Monday, September 29, 2008

Democracy 250

I hadn't been to a "youth conference" in nearly 8 years, so I had no idea what to expect when I stepped through the hotel room door and put my bags down. I can tell you what I wasn't expecting, though--a 16-year-old roomate, doodling "ill Scarlet" all over the hotel stationary, with her two teenage friends in tow.

They didn't guess my age, though. I had dressed for the part, complete with dinosaur t-shirt, jeans and Converse sneakers.

My roomate, Ginger, was originally from a fly-in reserve north of Thunder Bay. "What's Toronto like?" she asked me, eyes big in awe. The TV in our room was always tuned to MuchMusic, she shared songs with me on her iPod and I knew that she couldn't possibly understand me when I told her that she was going to miss Thunder Bay someday--someday long after she gets out. (And I hope she gets out.)

So what's the point here? There really isn't one. There isn't a romantic story of how Ginger reminded me of my past self. (She didn't.) There isn't a story of personal elightenment or self-discovery here to share. (I got drunk, made politically incorrect jokes and forced guys in striped shirts to do cartwheels.) This isn't the tale of what a stone cold fox the Governor General is. (She is.)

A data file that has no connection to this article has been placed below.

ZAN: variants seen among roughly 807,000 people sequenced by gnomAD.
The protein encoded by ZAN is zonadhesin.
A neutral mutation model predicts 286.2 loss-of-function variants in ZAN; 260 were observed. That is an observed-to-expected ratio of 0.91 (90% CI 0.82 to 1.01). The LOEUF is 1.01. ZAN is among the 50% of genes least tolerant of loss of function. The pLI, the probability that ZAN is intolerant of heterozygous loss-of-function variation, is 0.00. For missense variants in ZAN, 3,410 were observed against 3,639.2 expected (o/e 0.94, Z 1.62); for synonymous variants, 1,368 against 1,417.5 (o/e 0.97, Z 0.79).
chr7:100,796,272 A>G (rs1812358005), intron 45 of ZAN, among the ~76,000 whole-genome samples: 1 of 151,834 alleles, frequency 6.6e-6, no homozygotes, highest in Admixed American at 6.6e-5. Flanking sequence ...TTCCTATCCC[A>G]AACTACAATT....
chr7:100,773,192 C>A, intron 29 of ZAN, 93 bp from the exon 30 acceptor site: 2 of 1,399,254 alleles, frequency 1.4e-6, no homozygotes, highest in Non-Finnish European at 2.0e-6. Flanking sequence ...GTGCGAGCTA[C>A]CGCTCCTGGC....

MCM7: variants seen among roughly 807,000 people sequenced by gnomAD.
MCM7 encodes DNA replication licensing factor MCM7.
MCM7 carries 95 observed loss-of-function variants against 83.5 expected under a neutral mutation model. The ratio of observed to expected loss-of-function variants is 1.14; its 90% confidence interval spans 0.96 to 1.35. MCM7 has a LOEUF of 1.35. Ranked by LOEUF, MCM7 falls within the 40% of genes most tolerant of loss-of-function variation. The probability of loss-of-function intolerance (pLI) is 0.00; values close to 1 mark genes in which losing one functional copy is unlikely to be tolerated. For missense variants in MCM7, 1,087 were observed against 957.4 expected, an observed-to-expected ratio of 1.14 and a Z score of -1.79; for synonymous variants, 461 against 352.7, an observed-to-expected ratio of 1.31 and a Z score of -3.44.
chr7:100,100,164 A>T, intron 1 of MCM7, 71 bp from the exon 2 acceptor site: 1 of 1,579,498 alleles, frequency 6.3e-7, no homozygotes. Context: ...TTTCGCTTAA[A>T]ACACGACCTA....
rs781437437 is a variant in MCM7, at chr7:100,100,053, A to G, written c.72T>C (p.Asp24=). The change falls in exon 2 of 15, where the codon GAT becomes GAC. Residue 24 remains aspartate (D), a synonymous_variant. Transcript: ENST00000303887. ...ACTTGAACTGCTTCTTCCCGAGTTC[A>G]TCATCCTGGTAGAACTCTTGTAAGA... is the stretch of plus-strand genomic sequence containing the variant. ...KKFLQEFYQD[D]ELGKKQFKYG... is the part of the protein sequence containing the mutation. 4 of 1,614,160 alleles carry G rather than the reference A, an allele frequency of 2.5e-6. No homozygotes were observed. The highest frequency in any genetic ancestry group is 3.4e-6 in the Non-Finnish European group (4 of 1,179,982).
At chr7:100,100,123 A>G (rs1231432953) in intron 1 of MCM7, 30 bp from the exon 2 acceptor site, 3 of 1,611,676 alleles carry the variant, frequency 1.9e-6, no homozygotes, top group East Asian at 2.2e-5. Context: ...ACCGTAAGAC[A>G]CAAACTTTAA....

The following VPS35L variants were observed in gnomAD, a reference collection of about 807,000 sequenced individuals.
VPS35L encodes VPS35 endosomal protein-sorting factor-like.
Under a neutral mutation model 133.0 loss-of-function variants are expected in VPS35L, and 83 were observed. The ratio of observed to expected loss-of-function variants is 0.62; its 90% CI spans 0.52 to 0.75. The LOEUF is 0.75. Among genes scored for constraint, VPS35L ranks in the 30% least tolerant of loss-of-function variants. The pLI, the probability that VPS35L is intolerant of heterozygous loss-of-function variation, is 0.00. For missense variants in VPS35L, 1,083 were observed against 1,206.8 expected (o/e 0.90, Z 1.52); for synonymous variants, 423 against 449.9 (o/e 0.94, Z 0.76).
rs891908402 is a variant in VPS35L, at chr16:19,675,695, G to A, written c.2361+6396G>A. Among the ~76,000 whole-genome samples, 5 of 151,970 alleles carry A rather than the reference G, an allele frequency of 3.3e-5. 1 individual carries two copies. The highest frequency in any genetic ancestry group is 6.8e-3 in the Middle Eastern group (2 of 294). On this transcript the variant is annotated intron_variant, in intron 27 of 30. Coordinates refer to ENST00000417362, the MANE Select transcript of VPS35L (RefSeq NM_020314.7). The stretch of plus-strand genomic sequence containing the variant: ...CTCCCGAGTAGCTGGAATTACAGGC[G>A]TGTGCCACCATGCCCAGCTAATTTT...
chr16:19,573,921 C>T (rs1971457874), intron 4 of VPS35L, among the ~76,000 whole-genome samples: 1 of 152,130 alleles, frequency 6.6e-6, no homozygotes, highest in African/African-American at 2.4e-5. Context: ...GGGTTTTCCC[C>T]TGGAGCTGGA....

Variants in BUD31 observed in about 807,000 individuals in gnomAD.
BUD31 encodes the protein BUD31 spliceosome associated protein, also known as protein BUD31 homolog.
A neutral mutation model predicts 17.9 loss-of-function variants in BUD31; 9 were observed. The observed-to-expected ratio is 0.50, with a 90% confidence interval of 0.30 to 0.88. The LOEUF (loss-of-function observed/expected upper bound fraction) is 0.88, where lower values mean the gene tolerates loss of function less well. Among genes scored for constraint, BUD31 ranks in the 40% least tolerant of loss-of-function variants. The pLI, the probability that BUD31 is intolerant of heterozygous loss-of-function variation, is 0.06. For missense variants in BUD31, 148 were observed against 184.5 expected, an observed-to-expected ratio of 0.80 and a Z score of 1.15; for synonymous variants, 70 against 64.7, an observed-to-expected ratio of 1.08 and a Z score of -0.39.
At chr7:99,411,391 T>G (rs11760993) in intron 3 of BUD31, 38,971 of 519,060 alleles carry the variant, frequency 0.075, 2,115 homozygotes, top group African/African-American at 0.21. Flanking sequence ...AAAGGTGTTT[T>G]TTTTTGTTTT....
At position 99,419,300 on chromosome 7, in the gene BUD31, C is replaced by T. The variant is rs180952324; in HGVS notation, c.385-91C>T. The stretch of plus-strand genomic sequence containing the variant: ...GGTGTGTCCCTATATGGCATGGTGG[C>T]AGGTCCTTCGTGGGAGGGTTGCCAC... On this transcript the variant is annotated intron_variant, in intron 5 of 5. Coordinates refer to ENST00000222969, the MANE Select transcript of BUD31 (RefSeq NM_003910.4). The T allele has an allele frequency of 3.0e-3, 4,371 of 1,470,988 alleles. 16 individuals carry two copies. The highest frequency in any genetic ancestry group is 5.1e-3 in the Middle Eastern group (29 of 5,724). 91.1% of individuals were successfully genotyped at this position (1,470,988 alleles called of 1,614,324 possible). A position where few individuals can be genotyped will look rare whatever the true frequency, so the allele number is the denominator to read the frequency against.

Instead, there's this: In the last federal election, 1.2 million Canadian youth didn't vote.

That's appalling.

(Seriously, does it take that much effort to at least go and spoil your ballot? I voted in my first federal election when I was 16, not realizing at the time that it was a felony. I voted because I could, because of some glitch in the system. I voted because the ability to do so seemed like the greatest power. And although I barely believe in our democractic electoral system now, I still exercise that right because I have it.)

1 comment:

  1. And because you think his facial hair is dreamy...

    Still love your writing. Come sit close to me soon.